In a world in which the kinds of things that are easy to teach and test have also become easy to digitise and automate, we need to think harder how education and training can complement, rather than substitute, the artificial intelligence (AI) we have created in our computers.

While there is much debate around the potential impact of AI on our economic and social lives, surprisingly little is known about the actual capabilities of AI, and how we can anticipate their further evolution.

This is where the novel methodology of OECD’s Artificial Intelligence and the Future of Skills (AIFS) project seeks to make a difference. It enables an understanding of the potential as well as the limits of AI capabilities at a detailed task level so we can describe more precisely how humans and AI are complementary. The project builds on a pilot which the OECD conducted in 2017, that compared the performance of adults on the literacy tests of OECD’s Survey of Adult Skills with expert judgement on the capabilities of AI on the same test. This pilot showed that, already in 2017, AI outperformed the majority of humans on basic information processing tasks. However, information processing skills are just a small slice of human capabilities, and the AIFS project now extends this methodology to a wide range of human skills that capture essential dimensions for the success of humans in modern economic and social life. This will deliver valuable insights for the future of education, in terms of directions for the design of instructional systems, the delivery of educational content and the preparation of educators, and the ways in which we recognise and certify knowledge and skills.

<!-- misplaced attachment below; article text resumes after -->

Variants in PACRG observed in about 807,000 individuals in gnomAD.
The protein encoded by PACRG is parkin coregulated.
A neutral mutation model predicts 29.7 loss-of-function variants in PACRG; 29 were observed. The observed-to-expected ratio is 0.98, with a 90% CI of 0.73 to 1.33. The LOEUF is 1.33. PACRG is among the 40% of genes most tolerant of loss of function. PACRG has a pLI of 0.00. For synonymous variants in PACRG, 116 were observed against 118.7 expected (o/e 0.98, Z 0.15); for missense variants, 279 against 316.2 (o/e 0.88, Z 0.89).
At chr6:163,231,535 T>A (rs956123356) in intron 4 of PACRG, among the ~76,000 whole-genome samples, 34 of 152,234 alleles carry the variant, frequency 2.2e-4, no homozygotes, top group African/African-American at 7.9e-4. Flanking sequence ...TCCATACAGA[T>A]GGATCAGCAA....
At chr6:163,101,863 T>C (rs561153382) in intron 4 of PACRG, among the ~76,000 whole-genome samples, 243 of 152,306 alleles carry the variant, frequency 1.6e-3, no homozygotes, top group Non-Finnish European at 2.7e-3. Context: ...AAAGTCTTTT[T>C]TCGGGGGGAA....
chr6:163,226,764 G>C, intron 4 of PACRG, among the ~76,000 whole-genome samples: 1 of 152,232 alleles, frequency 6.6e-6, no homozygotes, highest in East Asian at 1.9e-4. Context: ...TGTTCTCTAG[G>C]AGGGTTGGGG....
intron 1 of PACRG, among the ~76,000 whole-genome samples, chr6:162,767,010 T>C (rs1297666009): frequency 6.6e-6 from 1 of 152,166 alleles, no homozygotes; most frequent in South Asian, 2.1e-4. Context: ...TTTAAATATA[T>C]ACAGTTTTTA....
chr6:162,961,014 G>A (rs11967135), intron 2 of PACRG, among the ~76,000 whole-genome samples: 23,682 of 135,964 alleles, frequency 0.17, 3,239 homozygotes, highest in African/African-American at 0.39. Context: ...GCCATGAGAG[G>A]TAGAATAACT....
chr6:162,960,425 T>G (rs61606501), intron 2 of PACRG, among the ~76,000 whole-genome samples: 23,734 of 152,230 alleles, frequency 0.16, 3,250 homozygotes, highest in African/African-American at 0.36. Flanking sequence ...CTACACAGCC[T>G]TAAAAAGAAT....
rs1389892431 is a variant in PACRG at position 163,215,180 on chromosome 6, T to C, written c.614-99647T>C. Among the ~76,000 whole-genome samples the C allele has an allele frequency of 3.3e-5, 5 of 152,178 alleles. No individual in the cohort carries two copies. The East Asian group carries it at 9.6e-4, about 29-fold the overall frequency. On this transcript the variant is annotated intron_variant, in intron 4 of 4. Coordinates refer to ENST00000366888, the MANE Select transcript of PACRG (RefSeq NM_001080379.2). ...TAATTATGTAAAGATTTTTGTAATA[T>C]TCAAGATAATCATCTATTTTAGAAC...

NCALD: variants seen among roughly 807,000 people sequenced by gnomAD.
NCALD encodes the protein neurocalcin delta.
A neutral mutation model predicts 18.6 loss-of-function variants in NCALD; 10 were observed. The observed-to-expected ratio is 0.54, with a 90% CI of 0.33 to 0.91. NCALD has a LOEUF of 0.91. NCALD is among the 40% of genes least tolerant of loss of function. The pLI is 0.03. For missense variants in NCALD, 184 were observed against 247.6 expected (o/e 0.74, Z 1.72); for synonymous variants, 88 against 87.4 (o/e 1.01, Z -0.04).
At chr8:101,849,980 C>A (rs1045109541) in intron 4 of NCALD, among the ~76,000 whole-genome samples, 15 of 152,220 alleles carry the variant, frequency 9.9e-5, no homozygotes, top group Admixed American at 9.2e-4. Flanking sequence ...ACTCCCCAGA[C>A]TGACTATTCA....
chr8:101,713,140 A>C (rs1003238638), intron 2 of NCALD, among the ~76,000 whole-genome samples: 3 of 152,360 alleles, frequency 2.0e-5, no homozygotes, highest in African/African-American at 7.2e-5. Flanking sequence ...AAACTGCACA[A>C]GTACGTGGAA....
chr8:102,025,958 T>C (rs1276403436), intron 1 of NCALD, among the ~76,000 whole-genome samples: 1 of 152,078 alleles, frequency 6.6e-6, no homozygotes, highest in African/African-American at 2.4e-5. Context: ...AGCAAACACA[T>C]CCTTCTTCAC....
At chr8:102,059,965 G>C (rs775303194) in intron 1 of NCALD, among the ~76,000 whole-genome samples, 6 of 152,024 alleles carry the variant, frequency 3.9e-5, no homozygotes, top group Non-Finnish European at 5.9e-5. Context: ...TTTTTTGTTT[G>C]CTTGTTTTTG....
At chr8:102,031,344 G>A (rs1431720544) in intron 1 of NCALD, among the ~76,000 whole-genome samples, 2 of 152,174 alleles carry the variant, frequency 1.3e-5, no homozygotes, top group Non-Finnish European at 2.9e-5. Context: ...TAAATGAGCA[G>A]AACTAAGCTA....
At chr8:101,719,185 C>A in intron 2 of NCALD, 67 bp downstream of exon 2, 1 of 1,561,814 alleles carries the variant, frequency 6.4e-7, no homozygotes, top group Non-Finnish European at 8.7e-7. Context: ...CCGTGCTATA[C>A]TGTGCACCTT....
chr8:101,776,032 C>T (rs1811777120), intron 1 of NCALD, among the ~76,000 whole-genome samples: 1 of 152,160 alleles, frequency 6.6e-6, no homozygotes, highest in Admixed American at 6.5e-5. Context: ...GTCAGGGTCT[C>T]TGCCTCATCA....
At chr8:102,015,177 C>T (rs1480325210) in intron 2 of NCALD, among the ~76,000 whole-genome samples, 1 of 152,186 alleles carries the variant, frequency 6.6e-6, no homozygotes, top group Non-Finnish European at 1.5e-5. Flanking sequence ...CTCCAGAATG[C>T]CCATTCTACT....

Optimists will say that throughout history, education has always won the race with technology. However, there is no assurance it will do so in the future, and humans have always been better at inventing new tools than to use them wisely. In the past, when technology evolved slowly, education had long periods of time to adjust. When fast gets really fast, and when AI competes directly with the cognitive ability that have long been the focus of education, it is important to build rapid, robust and ongoing intelligence that can help us track and anticipate the capabilities of AI.

The AIFS project is therefore designed to provide a baseline against which the OECD can then systematically monitor the evolution of AI capabilities in the longer term. With the technical approaches described in this initial report, the AIFS project is taking the first steps towards building a “PISA for AI” that will help policy makers understand how AI connects to work and education - and how it will transform both of these foundational institutions of human society in the years ahead.

I would like to thank the CERI Governing Board for its leadership in developing and guiding the programme and the German Ministry of Labour for a generous grant to support the work.


Andreas Schleicher

Director for Education and Skills

Special Advisor on Education Policy to the Secretary-General

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